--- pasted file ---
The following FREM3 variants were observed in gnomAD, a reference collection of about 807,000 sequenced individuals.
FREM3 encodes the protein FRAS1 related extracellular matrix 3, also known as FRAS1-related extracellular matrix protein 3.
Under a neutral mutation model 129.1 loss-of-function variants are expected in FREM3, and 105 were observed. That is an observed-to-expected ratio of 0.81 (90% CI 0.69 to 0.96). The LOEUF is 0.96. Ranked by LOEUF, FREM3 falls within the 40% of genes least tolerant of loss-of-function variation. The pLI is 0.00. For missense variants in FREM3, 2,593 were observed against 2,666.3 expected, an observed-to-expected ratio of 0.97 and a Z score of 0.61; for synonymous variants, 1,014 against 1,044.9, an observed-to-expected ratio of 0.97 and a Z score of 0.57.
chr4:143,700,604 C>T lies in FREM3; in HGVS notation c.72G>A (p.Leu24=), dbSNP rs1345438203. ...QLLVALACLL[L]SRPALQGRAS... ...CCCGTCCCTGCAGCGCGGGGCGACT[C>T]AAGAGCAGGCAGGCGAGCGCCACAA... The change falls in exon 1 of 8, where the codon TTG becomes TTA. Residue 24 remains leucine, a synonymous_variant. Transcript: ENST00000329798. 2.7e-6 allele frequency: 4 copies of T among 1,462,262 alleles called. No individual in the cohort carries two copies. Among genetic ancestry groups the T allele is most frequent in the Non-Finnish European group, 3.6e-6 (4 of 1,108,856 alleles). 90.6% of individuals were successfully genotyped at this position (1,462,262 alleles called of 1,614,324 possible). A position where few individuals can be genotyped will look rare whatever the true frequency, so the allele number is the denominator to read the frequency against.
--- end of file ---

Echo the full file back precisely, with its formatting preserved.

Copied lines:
The following FREM3 variants were observed in gnomAD, a reference collection of about 807,000 sequenced individuals.
FREM3 encodes the protein FRAS1 related extracellular matrix 3, also known as FRAS1-related extracellular matrix protein 3.
Under a neutral mutation model 129.1 loss-of-function variants are expected in FREM3, and 105 were observed. That is an observed-to-expected ratio of 0.81 (90% CI 0.69 to 0.96). The LOEUF is 0.96. Ranked by LOEUF, FREM3 falls within the 40% of genes least tolerant of loss-of-function variation. The pLI is 0.00. For missense variants in FREM3, 2,593 were observed against 2,666.3 expected, an observed-to-expected ratio of 0.97 and a Z score of 0.61; for synonymous variants, 1,014 against 1,044.9, an observed-to-expected ratio of 0.97 and a Z score of 0.57.
chr4:143,700,604 C>T lies in FREM3; in HGVS notation c.72G>A (p.Leu24=), dbSNP rs1345438203. ...QLLVALACLL[L]SRPALQGRAS... ...CCCGTCCCTGCAGCGCGGGGCGACT[C>T]AAGAGCAGGCAGGCGAGCGCCACAA... The change falls in exon 1 of 8, where the codon TTG becomes TTA. Residue 24 remains leucine, a synonymous_variant. Transcript: ENST00000329798. 2.7e-6 allele frequency: 4 copies of T among 1,462,262 alleles called. No individual in the cohort carries two copies. Among genetic ancestry groups the T allele is most frequent in the Non-Finnish European group, 3.6e-6 (4 of 1,108,856 alleles). 90.6% of individuals were successfully genotyped at this position (1,462,262 alleles called of 1,614,324 possible). A position where few individuals can be genotyped will look rare whatever the true frequency, so the allele number is the denominator to read the frequency against.